in the first... okay, it happened, I was up here in the mid-Hudson
area, so it would've been '74, somewhere in there.
CBA: Still doing work for Charlton?
Joe: Yeah, there was a paper mill strike in Canada, or something,
that created a huge shortage of paper, and I got this notice from
George Wildman, I remember it very well, it said, "This is a
black day. We have nothing left to print on." At that point,
Johnny Achziger in Washington state contacted me. This is all before
the whole direct sales market started, and I think it was the old
distribution network, but we did a tabloid-size magazine about the
Greek myths in comics form. Johnny Achziger published them.
CBA: How many did he do?
Joe: I think he did three. It died out because Charlton got
back printing, the paper shortage was over, and I kept on trying to
do the last issue while I was doing everything else, and couldn't
do it! [laughter] The first issue I was so proud of. I didn't
have anything else to do, so I put a whole lot of work into that first
E-Man, Nova, and Mike Mauser were revived at First Comics in the
early '80s, the company where Joe served as art director. ©2001
CBA: Since Charlton was the first name comic book company
you worked with, I thought I'd ask the traditional question of
influences, if you have certain comic book writers that you cited,
influences you grew up on...
Joe: I liked the detective stuff, Lew Archer, Sam Spade and
all that material. A lot of science-fiction stuff, a lot of comic
strips... Chester Gould was the big influence. A couple of the
incarnations of The Phantom were a big influence on me. A lot of strip
influence, and... Wayne Boring. Every once in a while, I have to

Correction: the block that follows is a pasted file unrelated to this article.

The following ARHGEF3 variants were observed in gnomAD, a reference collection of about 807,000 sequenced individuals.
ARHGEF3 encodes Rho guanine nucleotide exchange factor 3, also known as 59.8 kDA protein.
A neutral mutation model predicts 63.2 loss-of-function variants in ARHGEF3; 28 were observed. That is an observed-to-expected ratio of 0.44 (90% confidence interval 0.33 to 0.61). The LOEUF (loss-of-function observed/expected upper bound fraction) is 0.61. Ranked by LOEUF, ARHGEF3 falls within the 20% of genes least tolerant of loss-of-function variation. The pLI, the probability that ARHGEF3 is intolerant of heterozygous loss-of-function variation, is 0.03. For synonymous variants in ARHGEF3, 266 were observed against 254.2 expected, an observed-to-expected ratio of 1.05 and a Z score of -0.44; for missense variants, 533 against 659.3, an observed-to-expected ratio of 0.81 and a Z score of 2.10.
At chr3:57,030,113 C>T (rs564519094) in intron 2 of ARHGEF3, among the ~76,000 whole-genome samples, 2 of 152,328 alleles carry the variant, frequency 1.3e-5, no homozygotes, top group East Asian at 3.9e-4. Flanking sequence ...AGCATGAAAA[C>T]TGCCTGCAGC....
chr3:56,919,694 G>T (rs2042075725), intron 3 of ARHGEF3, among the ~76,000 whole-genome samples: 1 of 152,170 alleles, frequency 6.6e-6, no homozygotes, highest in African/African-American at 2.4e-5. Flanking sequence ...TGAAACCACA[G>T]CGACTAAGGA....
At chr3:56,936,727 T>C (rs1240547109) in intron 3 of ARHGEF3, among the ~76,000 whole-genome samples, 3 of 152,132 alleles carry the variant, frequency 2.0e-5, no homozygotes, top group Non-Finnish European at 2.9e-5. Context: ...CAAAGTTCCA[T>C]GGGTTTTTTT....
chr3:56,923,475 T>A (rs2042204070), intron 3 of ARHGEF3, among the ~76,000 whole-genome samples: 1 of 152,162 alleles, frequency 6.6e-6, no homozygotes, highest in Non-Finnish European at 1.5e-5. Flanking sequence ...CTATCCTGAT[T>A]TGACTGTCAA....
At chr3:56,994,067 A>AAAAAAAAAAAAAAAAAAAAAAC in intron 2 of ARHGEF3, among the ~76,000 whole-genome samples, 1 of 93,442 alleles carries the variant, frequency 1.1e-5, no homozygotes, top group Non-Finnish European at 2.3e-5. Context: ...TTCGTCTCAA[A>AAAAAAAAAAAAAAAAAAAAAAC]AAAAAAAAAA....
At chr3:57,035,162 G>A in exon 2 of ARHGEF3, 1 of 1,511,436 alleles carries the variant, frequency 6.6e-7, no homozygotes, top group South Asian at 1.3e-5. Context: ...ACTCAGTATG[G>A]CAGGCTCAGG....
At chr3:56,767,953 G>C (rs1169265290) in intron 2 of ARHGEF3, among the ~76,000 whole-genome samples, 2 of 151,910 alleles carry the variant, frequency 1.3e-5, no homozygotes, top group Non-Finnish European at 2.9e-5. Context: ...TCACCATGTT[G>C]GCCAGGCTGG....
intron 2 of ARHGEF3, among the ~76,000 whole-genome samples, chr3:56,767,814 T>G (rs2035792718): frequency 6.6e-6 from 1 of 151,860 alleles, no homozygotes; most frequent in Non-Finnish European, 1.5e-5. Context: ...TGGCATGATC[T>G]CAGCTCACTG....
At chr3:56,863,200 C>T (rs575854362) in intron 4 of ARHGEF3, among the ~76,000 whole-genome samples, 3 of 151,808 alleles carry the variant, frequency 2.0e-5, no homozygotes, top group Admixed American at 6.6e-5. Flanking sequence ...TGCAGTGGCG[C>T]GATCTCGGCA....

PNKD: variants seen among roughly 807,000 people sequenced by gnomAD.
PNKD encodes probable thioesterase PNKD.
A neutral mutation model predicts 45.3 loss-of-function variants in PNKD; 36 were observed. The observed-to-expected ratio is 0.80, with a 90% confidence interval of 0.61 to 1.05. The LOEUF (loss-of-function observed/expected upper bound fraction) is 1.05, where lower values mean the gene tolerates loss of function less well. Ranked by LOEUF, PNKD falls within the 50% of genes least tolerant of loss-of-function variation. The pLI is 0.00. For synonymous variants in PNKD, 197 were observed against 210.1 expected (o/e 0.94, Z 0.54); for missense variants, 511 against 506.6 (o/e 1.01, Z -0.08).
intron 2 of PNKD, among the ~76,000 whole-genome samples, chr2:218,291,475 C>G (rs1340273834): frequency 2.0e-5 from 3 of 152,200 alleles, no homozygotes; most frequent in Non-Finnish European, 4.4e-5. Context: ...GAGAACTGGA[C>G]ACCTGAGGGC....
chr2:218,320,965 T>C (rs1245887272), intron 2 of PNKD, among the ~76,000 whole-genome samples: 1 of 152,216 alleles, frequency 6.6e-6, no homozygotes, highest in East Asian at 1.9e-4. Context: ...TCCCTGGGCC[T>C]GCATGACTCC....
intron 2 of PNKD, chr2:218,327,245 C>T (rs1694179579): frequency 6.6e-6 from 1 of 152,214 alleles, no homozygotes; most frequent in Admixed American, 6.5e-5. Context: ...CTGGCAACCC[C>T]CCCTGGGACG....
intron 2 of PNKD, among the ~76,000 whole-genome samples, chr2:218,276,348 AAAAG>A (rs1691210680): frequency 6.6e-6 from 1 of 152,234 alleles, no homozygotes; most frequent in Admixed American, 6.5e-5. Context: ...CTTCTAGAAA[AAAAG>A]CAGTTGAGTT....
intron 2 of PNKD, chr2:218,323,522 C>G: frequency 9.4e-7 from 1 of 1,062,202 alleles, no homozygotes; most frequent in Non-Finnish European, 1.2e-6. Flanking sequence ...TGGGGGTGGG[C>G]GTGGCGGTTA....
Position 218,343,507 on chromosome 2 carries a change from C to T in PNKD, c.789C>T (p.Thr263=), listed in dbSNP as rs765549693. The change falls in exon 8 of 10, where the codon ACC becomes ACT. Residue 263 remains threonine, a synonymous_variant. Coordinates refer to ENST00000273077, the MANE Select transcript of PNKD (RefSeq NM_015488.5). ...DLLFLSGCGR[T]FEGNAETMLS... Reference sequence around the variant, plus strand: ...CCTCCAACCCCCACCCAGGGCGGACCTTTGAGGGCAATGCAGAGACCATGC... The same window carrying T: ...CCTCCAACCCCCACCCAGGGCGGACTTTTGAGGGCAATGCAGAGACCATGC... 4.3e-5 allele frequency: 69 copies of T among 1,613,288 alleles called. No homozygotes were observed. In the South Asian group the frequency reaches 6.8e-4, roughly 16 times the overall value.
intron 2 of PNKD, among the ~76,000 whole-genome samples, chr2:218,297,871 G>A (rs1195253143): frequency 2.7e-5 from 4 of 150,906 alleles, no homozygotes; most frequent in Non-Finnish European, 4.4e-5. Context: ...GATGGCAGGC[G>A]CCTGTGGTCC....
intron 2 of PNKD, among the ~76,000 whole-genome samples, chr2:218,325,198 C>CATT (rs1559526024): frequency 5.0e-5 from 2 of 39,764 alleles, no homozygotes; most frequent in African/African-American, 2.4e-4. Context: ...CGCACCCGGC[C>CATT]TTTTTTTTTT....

sort of fight myself not to draw a certain Wayne Boring pose. And
then there's Jack Cole, who's loosey-goosey all over the
place, and Wayne Boring, who's really stiff, so... a little
bit of everything. A lot of Ditko, and certainly Gil Kane later.
CBA: Did you like Jim Aparo's Phantom run?
Joe: Oh, I loved it. I think Jim's Phantom was the first
time I actually noticed Charlton, because it was coming out before
I was working there. I was going through a lot of trouble to find
his Phantom, and it's very much some of my favorite stuff.
CBA: It's beautiful work. The work he did at DC then,
The Phantom Stranger, The Brave and the Bold, and Aquaman—that
stuff is pretty nice.
Joe: I think the stuff Jim did at Charlton was more distinctive
than what he did at DC. I always thought that at DC, somebody was
leaning on him to do more work like Neal Adams. I'd like to have
seen Aparo pushing his own style—the style he had at Charlton,
which was brilliant. I think Aparo's run on The Phantom was one
of the all-time great runs in comics. It is painful, though, that
it was printed that badly. If somebody had the licenses and the film
to do a nice reprint job of that run, that's something I'd
love to see.
CBA: Did you know Pete Morisi?
Joe: The first time I went into Charlton, Sal and George showed
me different stuff that different people had done, and Pete's
stuff was signed "PAM." I think it was George who said in
his office, "You know, there's PAM, that's Pete Morisi,"
and I guess Pete's been around a long time in comics, and they
said, "Well, he can't sign his whole name on anything, because
he'd get in trouble," and they were being very mysterious.
"Well, Pete is a New York cop, and he can't moonlight."
That was the whole thing, he was a New York cop who was moonlighting.
CBA: Mike Zeck?
Joe: I don't really know much about Mike, just ran into
him at shows, and this was later. I remember when he was showing samples
at the time, and Nick was impressed with them, when Nick was still
editing at Charlton.
CBA: John Byrne?
Joe: I saw John's stuff, and Nick picked up "Rog-2000"
as a backup in E-Man, and then Byrne did Space: 1999, and Doomsday
+1, and a bunch of other stuff.
CBA: And he did Wheelie and the Chopper Bunch, right?
Joe: Yes, he did! [laughter] We alternated drawing Wheelie,
and Joe Gill and Tom DeFalco alternated writing them.
CBA: Did Tom start off at Charlton?
Joe: I don't think he started off at Charlton, but he
wrote a bunch of Wheelie's.
CBA: Oh, wow, did he write anything else there?
Joe: That's all I know, because I drew a bunch of his